# If one root of the equation $ax^2+bx+c=0$ be the square of the other.

If $a \neq 0$ and if one root of the equation $ax^2+bx+c=0$ is the square of the other, prove that: $$b^3+a^2c+ac^2=3abc.$$

My Attempt: Given: $$ax^2 + bx + c=0$$ Let $\alpha$ and $\beta$ be the roots of the equation. $$\alpha + \beta = \dfrac {-b}{a}$$ $$\alpha . \beta = \dfrac {c}{a}$$ According to the question: $$\alpha = \beta^2$$

• What if $a=0\,$? If your question relies on additional assumptions, please spell them out. – dxiv Aug 19 '17 at 5:46
• @dxiv, There are no more assumptions. The question is exactly the same what I have typed. – pi-π Aug 19 '17 at 6:02
• If $a=0, b=1, c=-1$ then the only root is $x=1$ which is obviously its own square. However $b^2+a^2c+ac^2 = 1 \ne 0 = 3abc\,$, so the conclusion you propose doesn't follow. – dxiv Aug 19 '17 at 6:05
• @dxiv, What is the meaning of quadratic equation if $a=0$? – pi-π Aug 19 '17 at 6:07
• Where was quadratic mentioned before this last comment? All I am getting at is that's important that you make sure to give the full context to a question in order to elicit unambiguous answers (same as here). – dxiv Aug 19 '17 at 6:08

So, we have $$\dfrac ca=\alpha\beta=\beta^3$$

$$-\dfrac ba=\alpha+\beta=\beta^2+\beta$$

Cube both sides using $$(p+q)^3=p^3+q^3+3pq(p+q)$$

Replace the values of $\beta^3,\beta^2+\beta$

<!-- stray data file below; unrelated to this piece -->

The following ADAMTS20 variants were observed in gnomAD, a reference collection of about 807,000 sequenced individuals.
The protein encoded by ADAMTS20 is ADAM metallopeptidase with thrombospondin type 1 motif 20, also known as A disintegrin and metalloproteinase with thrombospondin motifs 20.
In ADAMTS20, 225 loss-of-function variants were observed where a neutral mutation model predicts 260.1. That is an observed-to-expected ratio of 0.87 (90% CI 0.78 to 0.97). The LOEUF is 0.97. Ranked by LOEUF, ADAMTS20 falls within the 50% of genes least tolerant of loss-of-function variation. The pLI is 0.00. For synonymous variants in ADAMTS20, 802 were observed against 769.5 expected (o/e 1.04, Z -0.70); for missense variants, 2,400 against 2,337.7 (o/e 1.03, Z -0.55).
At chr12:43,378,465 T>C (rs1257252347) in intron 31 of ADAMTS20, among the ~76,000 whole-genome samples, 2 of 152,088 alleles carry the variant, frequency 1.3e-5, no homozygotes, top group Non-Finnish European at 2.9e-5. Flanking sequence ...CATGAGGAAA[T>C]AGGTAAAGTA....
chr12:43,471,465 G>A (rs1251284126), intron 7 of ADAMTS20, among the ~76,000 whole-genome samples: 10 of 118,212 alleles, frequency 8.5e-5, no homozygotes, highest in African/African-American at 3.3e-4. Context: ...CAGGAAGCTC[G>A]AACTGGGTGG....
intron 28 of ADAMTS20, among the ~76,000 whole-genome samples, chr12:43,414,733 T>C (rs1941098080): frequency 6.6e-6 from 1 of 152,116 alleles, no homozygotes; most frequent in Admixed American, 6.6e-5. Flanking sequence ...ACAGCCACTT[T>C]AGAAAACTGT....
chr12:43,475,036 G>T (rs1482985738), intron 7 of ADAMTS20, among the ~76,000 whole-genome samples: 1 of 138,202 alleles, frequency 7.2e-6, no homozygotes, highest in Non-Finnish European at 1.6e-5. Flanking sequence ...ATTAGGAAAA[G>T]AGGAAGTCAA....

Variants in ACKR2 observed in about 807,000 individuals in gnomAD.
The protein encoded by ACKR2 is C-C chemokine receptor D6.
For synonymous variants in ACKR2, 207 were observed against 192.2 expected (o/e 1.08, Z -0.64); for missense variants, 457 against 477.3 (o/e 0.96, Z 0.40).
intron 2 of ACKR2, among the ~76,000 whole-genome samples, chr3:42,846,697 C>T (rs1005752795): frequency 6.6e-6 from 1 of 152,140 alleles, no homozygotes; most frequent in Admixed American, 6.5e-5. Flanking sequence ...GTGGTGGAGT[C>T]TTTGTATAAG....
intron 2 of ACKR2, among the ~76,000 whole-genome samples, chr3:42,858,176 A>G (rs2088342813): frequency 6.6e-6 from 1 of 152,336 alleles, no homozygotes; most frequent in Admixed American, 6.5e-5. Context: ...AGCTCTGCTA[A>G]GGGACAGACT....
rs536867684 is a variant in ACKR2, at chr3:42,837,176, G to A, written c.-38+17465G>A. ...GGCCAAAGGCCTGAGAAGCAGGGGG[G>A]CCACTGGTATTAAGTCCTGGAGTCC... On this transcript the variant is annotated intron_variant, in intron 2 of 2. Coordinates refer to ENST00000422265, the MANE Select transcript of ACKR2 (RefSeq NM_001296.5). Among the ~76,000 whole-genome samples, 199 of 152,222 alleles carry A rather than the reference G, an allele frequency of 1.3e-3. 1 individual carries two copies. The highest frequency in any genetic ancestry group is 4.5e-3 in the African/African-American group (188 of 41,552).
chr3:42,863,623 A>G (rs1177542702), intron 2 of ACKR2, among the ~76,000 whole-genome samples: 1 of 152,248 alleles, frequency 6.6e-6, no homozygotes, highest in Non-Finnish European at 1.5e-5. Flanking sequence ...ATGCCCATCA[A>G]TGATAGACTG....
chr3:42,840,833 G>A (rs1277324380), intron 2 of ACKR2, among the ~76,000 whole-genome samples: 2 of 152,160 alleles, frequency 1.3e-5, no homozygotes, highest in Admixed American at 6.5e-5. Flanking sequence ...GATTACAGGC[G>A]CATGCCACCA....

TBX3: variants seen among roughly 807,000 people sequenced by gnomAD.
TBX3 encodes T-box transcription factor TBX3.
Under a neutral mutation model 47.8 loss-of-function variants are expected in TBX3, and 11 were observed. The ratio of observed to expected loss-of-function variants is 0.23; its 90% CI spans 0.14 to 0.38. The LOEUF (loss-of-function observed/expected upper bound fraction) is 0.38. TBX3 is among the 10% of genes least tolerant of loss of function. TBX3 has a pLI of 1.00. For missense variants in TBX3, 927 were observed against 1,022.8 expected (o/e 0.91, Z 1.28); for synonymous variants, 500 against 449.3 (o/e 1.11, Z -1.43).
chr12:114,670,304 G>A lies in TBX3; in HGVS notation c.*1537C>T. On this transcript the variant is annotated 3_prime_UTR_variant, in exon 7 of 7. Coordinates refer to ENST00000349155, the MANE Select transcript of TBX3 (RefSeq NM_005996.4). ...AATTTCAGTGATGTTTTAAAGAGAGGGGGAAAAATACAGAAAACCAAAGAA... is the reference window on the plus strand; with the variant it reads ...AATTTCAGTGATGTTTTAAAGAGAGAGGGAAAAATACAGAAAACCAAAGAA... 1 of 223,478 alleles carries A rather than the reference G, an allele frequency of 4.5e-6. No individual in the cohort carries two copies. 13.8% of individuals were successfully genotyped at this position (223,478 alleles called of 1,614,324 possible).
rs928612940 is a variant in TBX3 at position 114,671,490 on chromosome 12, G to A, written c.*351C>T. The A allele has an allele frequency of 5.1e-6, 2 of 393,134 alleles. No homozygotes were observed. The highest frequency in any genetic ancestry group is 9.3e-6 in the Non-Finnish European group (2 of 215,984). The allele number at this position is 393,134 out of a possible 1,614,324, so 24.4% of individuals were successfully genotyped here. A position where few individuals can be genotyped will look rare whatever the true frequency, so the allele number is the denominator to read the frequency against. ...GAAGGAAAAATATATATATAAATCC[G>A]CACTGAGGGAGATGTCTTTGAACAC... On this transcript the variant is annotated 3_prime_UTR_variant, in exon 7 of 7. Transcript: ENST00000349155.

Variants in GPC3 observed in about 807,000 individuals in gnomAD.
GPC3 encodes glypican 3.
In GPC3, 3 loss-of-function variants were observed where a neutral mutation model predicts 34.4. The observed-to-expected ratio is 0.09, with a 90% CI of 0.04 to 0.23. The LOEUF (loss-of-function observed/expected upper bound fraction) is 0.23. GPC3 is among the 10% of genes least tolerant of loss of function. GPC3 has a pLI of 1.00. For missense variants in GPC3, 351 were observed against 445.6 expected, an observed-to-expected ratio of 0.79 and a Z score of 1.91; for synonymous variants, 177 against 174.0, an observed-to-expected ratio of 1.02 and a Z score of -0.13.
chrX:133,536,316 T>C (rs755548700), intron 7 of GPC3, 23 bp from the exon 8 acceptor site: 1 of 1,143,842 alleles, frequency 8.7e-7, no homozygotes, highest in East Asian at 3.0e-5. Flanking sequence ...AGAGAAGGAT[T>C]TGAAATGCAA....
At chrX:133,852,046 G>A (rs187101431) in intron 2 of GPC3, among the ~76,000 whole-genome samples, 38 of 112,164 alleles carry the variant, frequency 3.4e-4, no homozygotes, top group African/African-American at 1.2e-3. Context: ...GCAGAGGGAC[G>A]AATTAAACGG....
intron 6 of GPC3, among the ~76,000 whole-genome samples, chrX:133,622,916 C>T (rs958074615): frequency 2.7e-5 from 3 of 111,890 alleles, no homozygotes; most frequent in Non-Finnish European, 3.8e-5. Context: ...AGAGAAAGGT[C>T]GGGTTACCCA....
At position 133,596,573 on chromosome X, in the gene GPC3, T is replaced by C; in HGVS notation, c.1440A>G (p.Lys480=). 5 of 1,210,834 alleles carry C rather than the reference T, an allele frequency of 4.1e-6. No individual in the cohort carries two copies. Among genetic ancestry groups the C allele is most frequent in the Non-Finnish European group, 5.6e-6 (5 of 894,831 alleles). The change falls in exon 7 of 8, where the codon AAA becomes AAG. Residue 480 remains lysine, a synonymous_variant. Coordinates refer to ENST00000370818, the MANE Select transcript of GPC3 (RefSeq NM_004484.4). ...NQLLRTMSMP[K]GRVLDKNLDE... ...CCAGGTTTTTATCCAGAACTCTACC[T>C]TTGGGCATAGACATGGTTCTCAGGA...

• Cubing both sides of which equation? – pi-π Aug 19 '17 at 6:03
• @blue_eyed_..., Not equation, but the relation : $$-\dfrac ba=\beta^2+\beta$$ – lab bhattacharjee Aug 19 '17 at 6:04

$$\alpha + \beta = \dfrac {-b}{a}$$ $$\alpha . \beta = \dfrac {c}{a}$$ Substitute $$\alpha = \beta^2$$ into previous equations,

$$a(\beta^2+\beta) = a\beta(\beta+1) = - b\tag{1}$$

$$a\beta^3 = c\tag{2}$$

Cube equation $(1)$,

$$a^3 \beta^3 (\beta^3 + 3 \beta^2 + 3 \beta + 1) = -b^3$$ Using equation $(2)$, $$a^2 c (\beta^3 + 3 \beta^2 + 3 \beta + 1) = -b^3$$

$$a c (a\beta^3 + 3a\beta( \beta + 1) + a) = -b^3$$

Using equation $(1)$ and $(2)$,

$$a c (c - 3b + a) = -b^3$$

$$ac^2-3abc+a^2c=-b^3$$

$$b^3+ac^2+a^2c = 3abc$$

Alternatively: $$\left(\frac{-b-\sqrt{b^2-4ac}}{2a}\right)^2=\frac{-b+\sqrt{b^2-4ac}}{2a} \Rightarrow$$ $$b^2-2ac+ab=(a-b)\sqrt{b^2-4ac} \Rightarrow$$ Squaring and then dividing both sides by $4a$ will prove the claim.